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This image is taken from Carsten Egevang’s new book, Unseen Greenland.

In March 2018, I attended the annual Greenland Dog Sled Race Championship in Ilulissat. Thirty participants with 10 dogs each competed for the title of best musher. Although there are cash prizes, the honor and prestige of keeping the long tradition of dog sledding alive is what drives many participants.

Dog sledding is experiencing rapid changes in Greenland; its use for subsistence hunting is declining as racing grows in popularity. The total number of sled dogs in the country has declined by more than 50% over the past three decades.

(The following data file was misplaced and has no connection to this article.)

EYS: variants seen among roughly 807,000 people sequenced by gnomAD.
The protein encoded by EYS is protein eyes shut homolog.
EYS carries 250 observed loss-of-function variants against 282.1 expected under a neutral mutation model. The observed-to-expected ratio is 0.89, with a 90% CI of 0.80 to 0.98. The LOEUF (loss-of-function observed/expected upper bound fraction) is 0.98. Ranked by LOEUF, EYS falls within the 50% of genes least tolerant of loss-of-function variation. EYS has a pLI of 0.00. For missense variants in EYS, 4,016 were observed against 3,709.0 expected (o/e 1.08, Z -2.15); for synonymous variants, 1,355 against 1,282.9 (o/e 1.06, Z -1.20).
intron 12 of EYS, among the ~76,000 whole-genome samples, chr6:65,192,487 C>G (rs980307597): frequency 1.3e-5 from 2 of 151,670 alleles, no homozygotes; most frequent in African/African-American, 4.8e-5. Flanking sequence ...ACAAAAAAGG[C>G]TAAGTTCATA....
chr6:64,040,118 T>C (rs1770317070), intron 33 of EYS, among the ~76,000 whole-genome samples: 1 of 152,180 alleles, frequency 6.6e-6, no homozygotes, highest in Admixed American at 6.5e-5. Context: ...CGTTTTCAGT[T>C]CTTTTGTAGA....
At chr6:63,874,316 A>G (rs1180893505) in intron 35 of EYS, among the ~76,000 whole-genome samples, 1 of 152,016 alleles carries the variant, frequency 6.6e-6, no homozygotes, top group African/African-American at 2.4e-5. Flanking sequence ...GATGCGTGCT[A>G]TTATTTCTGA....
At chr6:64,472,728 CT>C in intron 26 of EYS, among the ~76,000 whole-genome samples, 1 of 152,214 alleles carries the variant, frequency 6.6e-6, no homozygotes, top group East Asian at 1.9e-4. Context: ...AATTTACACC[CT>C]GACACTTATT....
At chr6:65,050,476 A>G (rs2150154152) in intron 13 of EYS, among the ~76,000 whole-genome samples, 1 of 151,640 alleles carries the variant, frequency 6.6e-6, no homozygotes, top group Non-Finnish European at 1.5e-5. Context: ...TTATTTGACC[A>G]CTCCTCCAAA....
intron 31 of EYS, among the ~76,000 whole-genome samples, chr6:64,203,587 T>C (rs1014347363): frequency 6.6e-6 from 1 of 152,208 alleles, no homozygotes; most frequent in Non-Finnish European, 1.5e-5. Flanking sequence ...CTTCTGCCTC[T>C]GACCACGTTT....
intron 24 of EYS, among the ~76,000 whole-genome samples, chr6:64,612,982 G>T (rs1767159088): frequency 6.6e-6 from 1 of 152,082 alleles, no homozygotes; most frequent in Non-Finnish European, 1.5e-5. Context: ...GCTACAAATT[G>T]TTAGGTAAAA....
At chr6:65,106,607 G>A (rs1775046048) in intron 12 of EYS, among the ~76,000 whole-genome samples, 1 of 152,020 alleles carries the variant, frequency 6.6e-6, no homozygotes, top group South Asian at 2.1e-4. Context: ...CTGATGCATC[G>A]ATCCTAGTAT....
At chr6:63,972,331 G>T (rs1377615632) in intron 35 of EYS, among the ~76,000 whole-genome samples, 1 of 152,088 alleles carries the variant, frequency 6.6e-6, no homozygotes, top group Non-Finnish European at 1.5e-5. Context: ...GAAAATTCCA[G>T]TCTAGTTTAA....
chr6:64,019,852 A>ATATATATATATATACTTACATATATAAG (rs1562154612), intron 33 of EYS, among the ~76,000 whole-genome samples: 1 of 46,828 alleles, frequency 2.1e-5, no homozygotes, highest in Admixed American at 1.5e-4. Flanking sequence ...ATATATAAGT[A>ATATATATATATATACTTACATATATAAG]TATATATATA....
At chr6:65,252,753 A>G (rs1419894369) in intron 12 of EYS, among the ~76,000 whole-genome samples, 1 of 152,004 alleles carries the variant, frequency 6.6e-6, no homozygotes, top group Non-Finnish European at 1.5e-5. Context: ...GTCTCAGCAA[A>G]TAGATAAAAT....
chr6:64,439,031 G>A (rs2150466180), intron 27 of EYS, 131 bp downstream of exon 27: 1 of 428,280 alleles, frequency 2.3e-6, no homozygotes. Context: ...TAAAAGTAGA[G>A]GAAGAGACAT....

I captured this image of a high mountainside just after the start of the run.

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Authors biography

Carsten Egevang is an award-winning Danish photographer with over 25 years of experience in the field. As a seabird researcher with a PhD in arctic biology, he traveled to the most remote regions of Greenland. Egevang began his career in photography as a traditional wildlife photographer shooting only in color. In recent years he has turned to black and white photography, documenting the strong connection between wildlife and the indigenous peoples of Greenland. Egevang is the author of several books on Greenland, and his images have been widely used in newspapers and magazines around the world.

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Cite this article: Carsten Egevang “One Great Shot: Mush Speed”, Hakai MagazineFebruary 11, 2022, accessed February 11, 2022,